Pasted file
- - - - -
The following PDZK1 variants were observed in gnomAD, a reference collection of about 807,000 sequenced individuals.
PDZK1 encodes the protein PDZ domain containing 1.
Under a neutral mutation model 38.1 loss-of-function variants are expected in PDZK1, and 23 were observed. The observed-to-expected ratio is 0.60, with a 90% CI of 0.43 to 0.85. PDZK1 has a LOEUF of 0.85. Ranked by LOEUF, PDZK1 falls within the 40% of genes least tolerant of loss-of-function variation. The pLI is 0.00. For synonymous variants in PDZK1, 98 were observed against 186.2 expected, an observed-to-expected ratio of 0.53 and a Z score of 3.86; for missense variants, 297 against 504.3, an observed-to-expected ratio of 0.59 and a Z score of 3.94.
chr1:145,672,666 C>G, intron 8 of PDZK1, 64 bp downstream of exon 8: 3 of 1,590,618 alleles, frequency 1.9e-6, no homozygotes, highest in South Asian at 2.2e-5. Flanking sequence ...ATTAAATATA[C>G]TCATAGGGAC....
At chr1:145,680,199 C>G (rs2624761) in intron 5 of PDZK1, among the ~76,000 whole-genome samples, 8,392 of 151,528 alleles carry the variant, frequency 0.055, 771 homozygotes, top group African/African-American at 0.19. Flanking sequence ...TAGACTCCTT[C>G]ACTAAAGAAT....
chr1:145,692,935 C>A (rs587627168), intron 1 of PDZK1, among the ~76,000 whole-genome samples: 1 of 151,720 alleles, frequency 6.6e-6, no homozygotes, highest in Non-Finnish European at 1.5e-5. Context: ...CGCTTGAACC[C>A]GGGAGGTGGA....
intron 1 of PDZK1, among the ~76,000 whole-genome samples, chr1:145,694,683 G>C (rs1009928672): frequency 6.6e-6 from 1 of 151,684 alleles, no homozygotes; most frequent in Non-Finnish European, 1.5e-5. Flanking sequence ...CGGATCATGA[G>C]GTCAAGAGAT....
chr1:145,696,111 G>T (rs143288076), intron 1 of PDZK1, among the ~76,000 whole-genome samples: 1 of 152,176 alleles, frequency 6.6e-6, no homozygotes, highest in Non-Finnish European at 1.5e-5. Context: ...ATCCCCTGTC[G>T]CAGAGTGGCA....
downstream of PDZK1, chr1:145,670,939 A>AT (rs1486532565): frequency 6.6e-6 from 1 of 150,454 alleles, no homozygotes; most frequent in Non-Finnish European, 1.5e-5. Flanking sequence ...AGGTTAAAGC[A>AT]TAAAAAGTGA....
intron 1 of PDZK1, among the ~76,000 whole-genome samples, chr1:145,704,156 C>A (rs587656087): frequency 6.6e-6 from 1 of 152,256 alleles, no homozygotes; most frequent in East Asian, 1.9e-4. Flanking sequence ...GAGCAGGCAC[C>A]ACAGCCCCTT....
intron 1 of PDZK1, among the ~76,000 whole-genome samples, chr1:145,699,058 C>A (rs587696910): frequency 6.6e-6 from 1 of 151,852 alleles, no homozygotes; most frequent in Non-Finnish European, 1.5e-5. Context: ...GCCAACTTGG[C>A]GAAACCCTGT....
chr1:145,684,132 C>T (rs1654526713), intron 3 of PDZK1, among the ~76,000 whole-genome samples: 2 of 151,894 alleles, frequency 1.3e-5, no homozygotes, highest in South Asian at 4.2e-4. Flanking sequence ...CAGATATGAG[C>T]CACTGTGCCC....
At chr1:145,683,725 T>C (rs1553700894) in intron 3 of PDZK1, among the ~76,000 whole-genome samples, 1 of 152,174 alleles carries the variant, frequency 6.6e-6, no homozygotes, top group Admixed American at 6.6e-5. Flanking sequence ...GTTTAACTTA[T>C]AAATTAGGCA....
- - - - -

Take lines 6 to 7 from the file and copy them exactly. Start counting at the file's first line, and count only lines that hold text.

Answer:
chr1:145,692,935 C>A (rs587627168), intron 1 of PDZK1, among the ~76,000 whole-genome samples: 1 of 151,720 alleles, frequency 6.6e-6, no homozygotes, highest in Non-Finnish European at 1.5e-5. Context: ...CGCTTGAACC[C>A]GGGAGGTGGA....
intron 1 of PDZK1, among the ~76,000 whole-genome samples, chr1:145,694,683 G>C (rs1009928672): frequency 6.6e-6 from 1 of 151,684 alleles, no homozygotes; most frequent in Non-Finnish European, 1.5e-5. Flanking sequence ...CGGATCATGA[G>C]GTCAAGAGAT....